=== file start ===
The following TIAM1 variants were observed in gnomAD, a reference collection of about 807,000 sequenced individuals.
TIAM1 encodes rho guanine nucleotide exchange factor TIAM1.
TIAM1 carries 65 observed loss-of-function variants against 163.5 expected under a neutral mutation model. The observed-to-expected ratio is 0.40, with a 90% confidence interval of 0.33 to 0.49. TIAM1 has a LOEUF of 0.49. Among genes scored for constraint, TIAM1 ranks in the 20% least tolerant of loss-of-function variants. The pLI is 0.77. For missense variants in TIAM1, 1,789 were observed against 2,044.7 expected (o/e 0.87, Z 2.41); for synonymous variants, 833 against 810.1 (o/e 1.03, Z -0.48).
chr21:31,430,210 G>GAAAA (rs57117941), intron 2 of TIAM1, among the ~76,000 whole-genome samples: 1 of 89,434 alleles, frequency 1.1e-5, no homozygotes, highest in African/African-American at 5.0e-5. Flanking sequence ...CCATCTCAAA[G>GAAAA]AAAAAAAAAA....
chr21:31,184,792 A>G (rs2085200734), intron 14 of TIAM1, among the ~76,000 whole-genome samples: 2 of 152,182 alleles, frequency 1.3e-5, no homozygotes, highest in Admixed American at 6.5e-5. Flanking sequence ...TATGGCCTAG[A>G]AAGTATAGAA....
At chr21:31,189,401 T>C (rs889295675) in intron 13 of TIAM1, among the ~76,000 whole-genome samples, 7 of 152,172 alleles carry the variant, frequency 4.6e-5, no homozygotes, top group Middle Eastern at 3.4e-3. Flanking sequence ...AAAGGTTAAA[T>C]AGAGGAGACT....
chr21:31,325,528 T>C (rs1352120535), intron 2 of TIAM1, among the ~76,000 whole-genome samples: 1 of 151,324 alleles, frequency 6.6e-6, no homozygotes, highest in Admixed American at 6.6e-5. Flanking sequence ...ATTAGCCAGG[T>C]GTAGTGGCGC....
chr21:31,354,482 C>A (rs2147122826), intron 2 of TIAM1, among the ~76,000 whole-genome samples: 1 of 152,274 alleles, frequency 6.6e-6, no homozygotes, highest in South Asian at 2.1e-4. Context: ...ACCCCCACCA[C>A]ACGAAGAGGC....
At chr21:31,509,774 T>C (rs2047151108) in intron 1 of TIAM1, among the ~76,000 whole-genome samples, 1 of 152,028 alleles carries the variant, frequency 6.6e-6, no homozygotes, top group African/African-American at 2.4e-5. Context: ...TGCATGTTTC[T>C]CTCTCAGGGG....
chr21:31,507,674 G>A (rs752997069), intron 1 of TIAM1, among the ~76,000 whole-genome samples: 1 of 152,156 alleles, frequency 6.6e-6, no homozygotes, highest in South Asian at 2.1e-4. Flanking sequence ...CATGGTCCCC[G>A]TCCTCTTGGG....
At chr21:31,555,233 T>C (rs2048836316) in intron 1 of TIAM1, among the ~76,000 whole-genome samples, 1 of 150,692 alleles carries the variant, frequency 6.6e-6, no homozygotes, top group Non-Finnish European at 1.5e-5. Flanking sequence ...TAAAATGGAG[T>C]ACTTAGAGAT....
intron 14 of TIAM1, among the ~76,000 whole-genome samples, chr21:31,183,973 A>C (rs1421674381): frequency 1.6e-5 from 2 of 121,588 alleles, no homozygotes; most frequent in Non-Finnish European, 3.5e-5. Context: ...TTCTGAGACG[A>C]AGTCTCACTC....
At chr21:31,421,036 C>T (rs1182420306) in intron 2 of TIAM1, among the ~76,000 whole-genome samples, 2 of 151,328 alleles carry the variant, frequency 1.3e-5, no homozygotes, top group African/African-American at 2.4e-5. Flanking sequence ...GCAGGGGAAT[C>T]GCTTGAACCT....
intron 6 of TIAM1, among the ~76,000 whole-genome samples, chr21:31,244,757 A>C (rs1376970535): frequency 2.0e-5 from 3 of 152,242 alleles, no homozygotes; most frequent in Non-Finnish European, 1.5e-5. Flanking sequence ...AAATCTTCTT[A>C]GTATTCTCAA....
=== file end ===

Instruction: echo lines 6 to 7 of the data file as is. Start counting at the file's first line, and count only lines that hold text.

At chr21:31,189,401 T>C (rs889295675) in intron 13 of TIAM1, among the ~76,000 whole-genome samples, 7 of 152,172 alleles carry the variant, frequency 4.6e-5, no homozygotes, top group Middle Eastern at 3.4e-3. Flanking sequence ...AAAGGTTAAA[T>C]AGAGGAGACT....
chr21:31,325,528 T>C (rs1352120535), intron 2 of TIAM1, among the ~76,000 whole-genome samples: 1 of 151,324 alleles, frequency 6.6e-6, no homozygotes, highest in Admixed American at 6.6e-5. Flanking sequence ...ATTAGCCAGG[T>C]GTAGTGGCGC....